PHOSPHORUS TRICHLORIDE - may form spontaneously flammable phosphine and explode.(14)
POTASSIUM t-BUTOXIDE (solid) - may ignite.(14)

Hazardous Decomposition Products:
None reported

Conditions to Avoid:
Temperatures above 55.5 deg C, open flames

Corrosivity to Metals:
Based on information for the closely related acid, n-butyric acid, isobutyric is probably corrosive to metals such as steel, cast iron, and lead.(15) Aluminum is resistant at room temperature, but may be attacked at elevated temperatures. Isobutyric acid is not corrosive to copper, bronze and brass, and can be used for handling, provided acid solutions are free of oxidants. As with n-butyric acid, type 304 and 316 stainless steels are probably resistant to isobutyric acid at room temperature.(16)


LD50 (oral, rat): 270 mg/kg (3)

LD50 (dermal, rabbit): 480 mg/kg (3)

Eye Irritation:

Application of in excess of a 5% solution of isobutyric acid caused severe injury in rabbits (graded 9/10; scored over 5 where 5 is severe injury).(3)

Skin Irritation:

Application of 0.01 mL of undiluted isobutyric acid produced tissue death (necrosis) in rabbits (graded 6/10).(3)

Effects of Short-Term (Acute) Exposure:

No deaths were observed in rats following exposure to a saturated vapour concentration of isobutyric acid for 8 hours.(3)


Selected Bibliography:
(1) Katz, G.V., et al. Aliphatic carboxylic acids. In: Patty's industrial hygiene and toxicology. 4th edition. Edited by G.D. Clayton et al. Volume II. Toxicology. Part E. John Wiley and Sons, 1994. p. 3528, 3536-3538
(2) DiVincenzo, G.D., et al. Metabolic fate of (1-14C)isobutyric acid in the rat. Toxicology and Applied Pharmacology. Vol. 47 (1979). p. 609- 612
(3) Smyth, Jr., H. F., et al. Range-finding toxicity data: list VI. American Industrial Hygiene Association Journal. Vol. 23, no. 1 (1962). p. 95-107
(4) Riemenschneider, W. Carboxylic acid, aliphatic. In: Ullmann's encyclopedia of industrial chemistry. 5th completely revised edition. Vol. A 5. VCH Verlagsgesellschaft, 1985. p. 235-245
(5) HSDB record for 2-methylpropanoic acid. Last revision date: 96/01/28
(6) Ruth, J.H. Odor thresholds and irritation levels of several chemical substances: a review. American Industrial Hygiene Association Journal. Vol. 47 (March, 1986). p. A-142 to A-151
(7) Fire protection guide to hazardous materials. 13th ed. Edited by A.B. Spencer, et al. National Fire Protection Association, 2002. NFPA 325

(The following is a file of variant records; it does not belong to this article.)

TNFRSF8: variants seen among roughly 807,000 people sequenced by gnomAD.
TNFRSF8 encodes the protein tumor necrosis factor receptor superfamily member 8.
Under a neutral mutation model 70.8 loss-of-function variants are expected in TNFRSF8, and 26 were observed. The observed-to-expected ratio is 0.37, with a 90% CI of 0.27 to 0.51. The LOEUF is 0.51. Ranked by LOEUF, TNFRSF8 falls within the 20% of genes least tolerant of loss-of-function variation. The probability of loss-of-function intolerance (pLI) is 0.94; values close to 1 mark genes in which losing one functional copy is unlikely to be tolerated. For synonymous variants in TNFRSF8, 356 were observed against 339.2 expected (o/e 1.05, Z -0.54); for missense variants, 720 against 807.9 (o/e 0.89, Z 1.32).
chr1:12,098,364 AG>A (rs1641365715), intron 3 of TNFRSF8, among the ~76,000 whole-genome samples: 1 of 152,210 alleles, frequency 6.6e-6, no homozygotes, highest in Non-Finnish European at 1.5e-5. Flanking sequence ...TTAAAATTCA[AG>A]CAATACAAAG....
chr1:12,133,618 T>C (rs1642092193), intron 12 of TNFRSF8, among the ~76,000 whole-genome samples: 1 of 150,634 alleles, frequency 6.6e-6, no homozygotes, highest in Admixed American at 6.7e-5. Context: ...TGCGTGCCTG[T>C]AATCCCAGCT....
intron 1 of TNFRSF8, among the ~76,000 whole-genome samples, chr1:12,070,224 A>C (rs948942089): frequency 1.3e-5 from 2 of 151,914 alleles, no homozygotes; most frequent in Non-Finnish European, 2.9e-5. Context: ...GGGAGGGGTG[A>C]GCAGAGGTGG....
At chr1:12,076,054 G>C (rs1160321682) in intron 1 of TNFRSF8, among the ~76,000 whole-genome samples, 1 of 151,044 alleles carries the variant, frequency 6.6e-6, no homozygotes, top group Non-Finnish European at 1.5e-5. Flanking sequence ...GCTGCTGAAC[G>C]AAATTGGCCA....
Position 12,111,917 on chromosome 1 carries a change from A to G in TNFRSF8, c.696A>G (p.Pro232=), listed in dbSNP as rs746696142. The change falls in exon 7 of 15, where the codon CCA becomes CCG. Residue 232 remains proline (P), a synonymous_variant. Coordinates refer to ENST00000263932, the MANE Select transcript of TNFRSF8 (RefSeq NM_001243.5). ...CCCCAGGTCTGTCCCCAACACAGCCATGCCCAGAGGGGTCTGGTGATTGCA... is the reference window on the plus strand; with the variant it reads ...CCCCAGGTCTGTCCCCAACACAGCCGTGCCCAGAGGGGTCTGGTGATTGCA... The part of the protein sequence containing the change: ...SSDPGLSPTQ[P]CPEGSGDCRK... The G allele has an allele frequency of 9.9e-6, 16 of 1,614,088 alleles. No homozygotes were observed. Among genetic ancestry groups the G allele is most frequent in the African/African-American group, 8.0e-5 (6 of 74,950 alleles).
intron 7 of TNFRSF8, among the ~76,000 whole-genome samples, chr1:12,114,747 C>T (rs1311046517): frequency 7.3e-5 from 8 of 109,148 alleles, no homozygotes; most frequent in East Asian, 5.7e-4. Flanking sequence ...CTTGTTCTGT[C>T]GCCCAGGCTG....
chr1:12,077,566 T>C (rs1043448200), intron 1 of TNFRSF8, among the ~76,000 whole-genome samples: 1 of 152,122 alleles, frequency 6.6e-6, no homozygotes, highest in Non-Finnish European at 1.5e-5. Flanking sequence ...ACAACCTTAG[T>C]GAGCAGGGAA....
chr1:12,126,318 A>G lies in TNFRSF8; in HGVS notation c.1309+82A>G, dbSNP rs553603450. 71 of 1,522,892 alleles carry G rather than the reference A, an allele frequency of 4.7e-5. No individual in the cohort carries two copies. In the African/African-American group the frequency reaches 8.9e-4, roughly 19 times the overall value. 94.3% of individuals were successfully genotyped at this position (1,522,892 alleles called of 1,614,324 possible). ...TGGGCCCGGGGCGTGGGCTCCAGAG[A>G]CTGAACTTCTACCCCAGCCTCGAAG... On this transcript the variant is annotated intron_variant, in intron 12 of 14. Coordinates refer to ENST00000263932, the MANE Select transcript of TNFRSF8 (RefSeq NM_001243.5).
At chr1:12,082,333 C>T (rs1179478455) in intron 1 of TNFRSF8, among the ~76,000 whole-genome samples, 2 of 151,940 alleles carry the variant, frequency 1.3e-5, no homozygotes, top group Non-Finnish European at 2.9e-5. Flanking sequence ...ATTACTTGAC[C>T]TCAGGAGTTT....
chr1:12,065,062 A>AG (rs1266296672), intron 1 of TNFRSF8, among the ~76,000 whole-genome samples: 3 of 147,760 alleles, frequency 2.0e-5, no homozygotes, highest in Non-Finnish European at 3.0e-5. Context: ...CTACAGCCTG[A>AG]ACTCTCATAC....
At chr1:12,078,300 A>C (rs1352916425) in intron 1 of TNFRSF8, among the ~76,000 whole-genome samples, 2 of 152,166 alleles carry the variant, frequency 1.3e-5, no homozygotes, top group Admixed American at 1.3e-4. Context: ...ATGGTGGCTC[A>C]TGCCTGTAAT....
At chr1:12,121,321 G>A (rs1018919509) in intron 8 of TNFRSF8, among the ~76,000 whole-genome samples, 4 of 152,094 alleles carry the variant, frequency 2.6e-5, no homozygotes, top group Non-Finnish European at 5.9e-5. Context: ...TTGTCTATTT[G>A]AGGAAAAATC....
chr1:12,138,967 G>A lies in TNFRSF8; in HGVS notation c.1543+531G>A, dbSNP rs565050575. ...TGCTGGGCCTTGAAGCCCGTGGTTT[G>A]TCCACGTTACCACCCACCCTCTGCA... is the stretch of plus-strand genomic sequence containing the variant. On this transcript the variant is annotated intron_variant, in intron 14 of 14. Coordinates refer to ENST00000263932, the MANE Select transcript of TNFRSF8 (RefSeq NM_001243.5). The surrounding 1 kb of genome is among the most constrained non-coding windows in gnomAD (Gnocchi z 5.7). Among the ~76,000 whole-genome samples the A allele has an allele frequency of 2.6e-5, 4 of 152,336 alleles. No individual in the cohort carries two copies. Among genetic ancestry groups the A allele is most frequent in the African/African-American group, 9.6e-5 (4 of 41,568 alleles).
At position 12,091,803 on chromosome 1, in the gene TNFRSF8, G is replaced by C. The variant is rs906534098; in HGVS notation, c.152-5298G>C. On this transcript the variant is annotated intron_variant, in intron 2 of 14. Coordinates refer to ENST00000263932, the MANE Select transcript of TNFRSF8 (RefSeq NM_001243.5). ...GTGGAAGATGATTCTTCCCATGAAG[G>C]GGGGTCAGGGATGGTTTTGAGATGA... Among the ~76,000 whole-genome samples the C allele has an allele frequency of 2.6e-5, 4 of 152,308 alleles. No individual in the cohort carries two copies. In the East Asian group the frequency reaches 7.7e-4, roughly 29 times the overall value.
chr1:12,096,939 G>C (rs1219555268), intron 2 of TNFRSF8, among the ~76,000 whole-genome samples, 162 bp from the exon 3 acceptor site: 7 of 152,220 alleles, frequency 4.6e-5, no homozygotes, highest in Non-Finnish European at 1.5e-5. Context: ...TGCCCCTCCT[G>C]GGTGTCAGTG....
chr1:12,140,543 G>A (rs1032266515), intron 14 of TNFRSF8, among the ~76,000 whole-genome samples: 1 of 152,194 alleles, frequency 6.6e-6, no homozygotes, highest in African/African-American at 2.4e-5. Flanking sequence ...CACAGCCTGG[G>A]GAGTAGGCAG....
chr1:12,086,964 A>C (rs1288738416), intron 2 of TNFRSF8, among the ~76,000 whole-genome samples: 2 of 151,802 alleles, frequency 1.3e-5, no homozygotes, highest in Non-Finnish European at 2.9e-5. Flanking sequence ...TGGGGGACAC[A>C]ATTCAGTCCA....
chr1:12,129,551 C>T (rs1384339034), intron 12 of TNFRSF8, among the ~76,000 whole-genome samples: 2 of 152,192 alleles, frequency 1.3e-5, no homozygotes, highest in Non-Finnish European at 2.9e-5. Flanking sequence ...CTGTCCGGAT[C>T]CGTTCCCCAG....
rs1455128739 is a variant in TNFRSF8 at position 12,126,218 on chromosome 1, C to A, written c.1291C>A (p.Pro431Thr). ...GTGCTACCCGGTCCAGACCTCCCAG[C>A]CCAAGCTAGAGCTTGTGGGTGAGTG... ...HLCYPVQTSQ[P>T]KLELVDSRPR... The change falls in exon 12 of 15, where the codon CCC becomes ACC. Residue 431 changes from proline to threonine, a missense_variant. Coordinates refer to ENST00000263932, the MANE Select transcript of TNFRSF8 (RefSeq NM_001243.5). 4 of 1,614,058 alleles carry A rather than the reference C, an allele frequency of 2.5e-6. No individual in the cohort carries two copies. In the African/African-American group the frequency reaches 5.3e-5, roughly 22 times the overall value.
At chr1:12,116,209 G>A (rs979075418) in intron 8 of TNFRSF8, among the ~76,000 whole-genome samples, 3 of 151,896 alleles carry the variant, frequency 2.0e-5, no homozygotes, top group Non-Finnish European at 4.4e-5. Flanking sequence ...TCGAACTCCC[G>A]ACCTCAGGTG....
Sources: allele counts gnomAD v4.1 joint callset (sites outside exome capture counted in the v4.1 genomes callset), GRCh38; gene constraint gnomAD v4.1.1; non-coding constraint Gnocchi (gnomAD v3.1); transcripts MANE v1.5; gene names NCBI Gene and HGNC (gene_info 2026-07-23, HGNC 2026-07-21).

(8) The Sigma-Aldrich library of chemical safety data. Edition II. Volume 1. Sigma-Aldrich Corporation, 1988. p. 2021C
(9) Forsberg, K., et al. Quick selection guide to chemical protective clothing. 3rd edition. Van Nostrand Reinhold, 1997
(10) Verschueren, K. Handbook of environmental data on organic chemicals. 3rd edition. Van Nostrand Reinhold, 1996. p. 30, 396-399
(11) Weast, R.C., ed. Handbook of chemistry and physics. 66th edition. CRC Press, 1985-1986. p. C-453, D-161, D-199, F-34, F-40
(12) Leo, A., et al. Partition coefficients and their uses. Chemical Reviews. Vol. 71, no. 6 (December, 1971). p. 564
(13) Weiss, G., ed. Hazardous chemicals data book. 2nd edition. Noyes Data Corporation, 1986. p. 591
(14) Urben, P.G., ed. Bretherick's handbook of reactive chemical hazards. 5th edition. Volume 1. Butterworth-Heinemann Ltd., 1995. p. 567, 1350
(15) Corrosion data survey: metals section. 6th edition. National Association of Corrosion Engineers, 1985. p. 145-6
(16) Elder, G.B. Corrosion by organic acid. In: Process industries corrosion. National Association of Corrosion Engineers, 1975. p. 247-254
(17) European Economic Community. Commission Directive 93/72/EEC. September 1, 1993

Information on chemicals reviewed in the CHEMINFO database is drawn from a number of publicly available sources. A list of general references used to compile CHEMINFO records is available in the database Help.

Review/Preparation Date: 1997-04-29

Revision Indicators:
US transport 1998-03-01
Resistance of materials 1998-04-01
Bibliography 1998-04-01
Emergency overview 2000-08-01
Acute exposure (ingestion) 2000-08-01
First aid (ingestion) 2000-08-01
TDG 2002-05-29
WHMIS detailed classification 2002-06-10
WHMIS health effects 2002-06-10
Bibliography 2003-04-16
NFPA (health) 2003-04-16